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The bomb that exploded in the "Wolf's Lair"—Hitler's command headquarters—on July 20th, 1944 was the closest any assassination attempt ever came to ridding the world of the Nazis' Führer. Pierre Galante's account of the years that led up to the attempt, and its grim aftermath, offers an illuminating look at how dissent among the German officer corps grew until something had to be done. Conspirator General Adolf Heusinger, who met with Hitler on hundreds of occasions, provides his personal accounts of the ...
The bomb that exploded in the "Wolf's Lair"—Hitler's command headquarters—on July 20th, 1944 was the closest any assassination attempt ever came to ridding the world of the Nazis' Führer. Pierre Galante's account of the years that led up to the attempt, and its grim aftermath, offers an illuminating look at how dissent among the German officer corps grew until something had to be done. Conspirator General Adolf Heusinger, who met with Hitler on hundreds of occasions, provides his personal accounts of the disintegrating obedience of the German commanders as the war turned against them. Their plan to kill Hitler, establish a provisional government, and negotiate with the Allies for peace—known as Operation Valkyrie—is described here in depth.
|1||July 20, 1944: The Wolf's Lair||1|
|2||July 20, 1944: Paris||18|
|3||1934-1935: The Army Swears Fealty||34|
|4||1936-1937: "They Call Him Hermann"||43|
|5||1938: "A Swine, But a Lucky Swine"||51|
|6||1939: First Soldier of the Reich||80|
|7||1940: "I Can Force Them to Obey Me"||93|
|8||1941: "We Have Nothing to Fear from the Americans"||108|
|9||1942: "The Russians Are Done For"||128|
|11||1943: Internal Machines||174|
|12||1944: "When the Oxcart Gets Stuck in the Mud"||206|
|13||July 20, 1944: Exercise Completed||224|
|14||After July 20, 1944: The Last Knights||235|
|15||March 1945-May 1945: "In the Best Interests of the Nation"||256|
|App||Interview with General Heusinger||268|
|Glossary of German Military Terms||277|
Posted March 19, 2015
Posted June 6, 2010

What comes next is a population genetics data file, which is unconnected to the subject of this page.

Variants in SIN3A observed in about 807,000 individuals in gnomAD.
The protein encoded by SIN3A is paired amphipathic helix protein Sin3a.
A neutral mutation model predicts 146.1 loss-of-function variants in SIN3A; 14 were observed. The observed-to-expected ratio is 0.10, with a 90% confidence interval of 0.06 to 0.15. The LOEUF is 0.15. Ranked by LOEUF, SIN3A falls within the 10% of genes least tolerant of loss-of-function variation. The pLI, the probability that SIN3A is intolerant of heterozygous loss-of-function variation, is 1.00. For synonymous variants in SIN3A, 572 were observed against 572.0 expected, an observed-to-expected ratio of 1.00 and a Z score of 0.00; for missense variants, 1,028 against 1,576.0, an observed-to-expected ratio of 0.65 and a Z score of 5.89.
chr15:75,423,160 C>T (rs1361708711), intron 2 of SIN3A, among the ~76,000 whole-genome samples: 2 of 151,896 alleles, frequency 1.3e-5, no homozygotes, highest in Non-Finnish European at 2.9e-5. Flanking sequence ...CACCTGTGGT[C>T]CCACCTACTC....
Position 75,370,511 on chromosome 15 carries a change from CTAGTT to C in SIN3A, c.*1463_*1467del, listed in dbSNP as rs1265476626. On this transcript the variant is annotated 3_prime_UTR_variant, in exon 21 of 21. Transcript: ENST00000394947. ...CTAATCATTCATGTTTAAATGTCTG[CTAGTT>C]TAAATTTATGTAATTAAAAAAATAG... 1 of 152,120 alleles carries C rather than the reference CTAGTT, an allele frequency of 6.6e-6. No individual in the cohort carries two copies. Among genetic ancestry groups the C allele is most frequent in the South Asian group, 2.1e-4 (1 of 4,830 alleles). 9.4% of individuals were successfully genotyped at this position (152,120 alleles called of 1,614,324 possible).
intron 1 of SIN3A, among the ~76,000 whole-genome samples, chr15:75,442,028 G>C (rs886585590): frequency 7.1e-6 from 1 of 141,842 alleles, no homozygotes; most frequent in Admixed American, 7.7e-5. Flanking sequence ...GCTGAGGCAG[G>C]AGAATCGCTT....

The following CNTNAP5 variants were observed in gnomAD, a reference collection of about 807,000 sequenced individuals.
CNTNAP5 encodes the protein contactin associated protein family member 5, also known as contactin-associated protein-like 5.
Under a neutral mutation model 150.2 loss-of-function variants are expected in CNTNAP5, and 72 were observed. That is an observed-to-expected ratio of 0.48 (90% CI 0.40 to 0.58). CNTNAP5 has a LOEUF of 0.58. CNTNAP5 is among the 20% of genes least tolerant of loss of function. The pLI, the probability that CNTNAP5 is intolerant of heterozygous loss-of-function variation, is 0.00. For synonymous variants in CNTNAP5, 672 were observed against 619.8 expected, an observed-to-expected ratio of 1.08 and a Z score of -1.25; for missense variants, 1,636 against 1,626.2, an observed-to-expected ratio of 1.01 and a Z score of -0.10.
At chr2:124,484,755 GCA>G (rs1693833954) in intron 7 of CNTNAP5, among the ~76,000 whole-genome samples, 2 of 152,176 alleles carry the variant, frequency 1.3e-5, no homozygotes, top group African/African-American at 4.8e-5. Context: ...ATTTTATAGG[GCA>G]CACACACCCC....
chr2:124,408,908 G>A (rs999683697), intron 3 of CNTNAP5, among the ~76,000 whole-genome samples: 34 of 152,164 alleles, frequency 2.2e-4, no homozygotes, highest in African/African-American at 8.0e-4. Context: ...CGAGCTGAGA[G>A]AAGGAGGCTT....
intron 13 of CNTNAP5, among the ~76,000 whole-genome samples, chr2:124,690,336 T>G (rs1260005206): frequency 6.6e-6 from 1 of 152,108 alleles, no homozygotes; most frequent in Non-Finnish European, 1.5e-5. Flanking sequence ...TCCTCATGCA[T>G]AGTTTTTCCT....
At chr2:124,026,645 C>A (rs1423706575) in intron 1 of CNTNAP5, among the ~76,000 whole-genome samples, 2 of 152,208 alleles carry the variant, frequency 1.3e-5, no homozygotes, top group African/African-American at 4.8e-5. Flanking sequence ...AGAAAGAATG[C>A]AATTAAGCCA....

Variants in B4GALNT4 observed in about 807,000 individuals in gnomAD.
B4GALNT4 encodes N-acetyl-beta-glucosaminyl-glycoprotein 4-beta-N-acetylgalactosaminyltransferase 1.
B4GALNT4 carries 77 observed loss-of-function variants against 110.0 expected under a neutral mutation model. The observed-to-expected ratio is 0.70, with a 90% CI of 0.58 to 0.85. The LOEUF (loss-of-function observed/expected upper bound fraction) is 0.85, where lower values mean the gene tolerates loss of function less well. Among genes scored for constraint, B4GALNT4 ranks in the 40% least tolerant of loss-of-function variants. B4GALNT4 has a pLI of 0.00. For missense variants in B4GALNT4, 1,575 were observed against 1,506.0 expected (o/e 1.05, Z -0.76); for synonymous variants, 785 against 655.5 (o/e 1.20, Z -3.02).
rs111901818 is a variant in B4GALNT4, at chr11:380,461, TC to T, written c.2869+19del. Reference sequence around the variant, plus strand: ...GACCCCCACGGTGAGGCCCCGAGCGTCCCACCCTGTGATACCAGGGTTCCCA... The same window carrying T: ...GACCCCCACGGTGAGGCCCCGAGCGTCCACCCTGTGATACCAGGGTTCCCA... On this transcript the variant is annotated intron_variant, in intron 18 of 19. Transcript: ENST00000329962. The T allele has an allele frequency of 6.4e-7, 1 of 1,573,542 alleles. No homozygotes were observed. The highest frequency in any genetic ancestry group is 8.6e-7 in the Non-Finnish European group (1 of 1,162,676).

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Pierre Galante's book "Operation Valkyrie" was first published in France in 1981 under the title "Hitler est-il mort?" and was shortly after translated into the current english version. As of this writing, there is a movie out starring Tom Cruise that pictorially brings this book to life. The movie, with a few deviations to make the story more dramatic, does a good job of this. Galante's book is about the July 20, 1944 plot to kill the leader of the Third Reich, Adolf Hitler. The story centers around a one-eyed, one-armed veteran of Irwin Rommel's Afrika Korps, Colonel Claus von Stauffenberg, who smuggled a briefcase full of high explosives into a conference room at Hitler's East Prussian command headquarters called the "Wolf's Lair". Exploding at 12:42 p.m.. Stauffenberg quickly left the conference room just prior to the explosion and hastily fled back to Berlin to initiate "Operation Valkerie". This operation was a plan for the military coup d'etat to overthrow and kill Hitler, and hopefully end the savagery and barbarism engulfing Hitler and his diabolic regime-from the killing centers of the Concentration Camps to the endless slaughter of German soldiers and civilians as a consequence of being on the losing end of the Second World War. Operation Valkerie was drawn up by a group of the most intelligent officers in the Wehrmacht (German High Command) to not only depose and destroy Hitler but to seize power in Nazi Conquered Vichy France's capital, Paris, as well as the center of Germany itself, Berlin. A second goal was to proclaim a provisional government and sue for a seperate peace with the rapidly approaching Western Allies, who at no uncertain terms refused to negotiate in any sense with Germany's deranged strongman, Adolf Hitler. The key to Galante's book was that this author spent over fifteen years interviewing eyewitnesses of this secret war between the "normal Germans", i.e. the last generation of the Prussian warrior caste (Field Marshal Friedrich Paulus, Commander in Chief of the German Sixth Army who defied Hitler's orders to commit suicide and not surrender at Stalingrad, was one of this caste) and Adolf Hitler (who was sarcastically referred to as the "upstart corporal") that they reluctantly had sworn to serve and obey. Pierre Galante's primary source of information for this book was to be found in the archives and personal recollections of General Adolf Heusinger, who served as the operations chief of the German General Staff from 1940 to 1944 and also was an important architect of the postwar West German army. Galante drew on Heusinger's four year tour of service to the Fuhrer, his descriptions of his impressions of over six hundred meetings with Hitler, and how Heusinger ultimately came to be the dissident officer's special envoy to the Nazi court, a role that obviously exposed him to considerable risks from both sides. Heusinger was in the conference room during the assassination attempt and was critically wounded by the explosion and narrowly escaped death a second time at the hands of Hitler's Gestapo (the "SS"). Galante does an excellent job of describing a blow by blow description of why the July 20, 1944 plot failed. Pierre Galante's book is not only about the July 20th rebellion, the only serious attempt to destroy the Third Reich from within. This is a story of the German path to destruction told with tremendous clarity! A must read!Was this review helpful? Yes NoThank you for your feedback. Report this reviewThank you, this review has been flagged.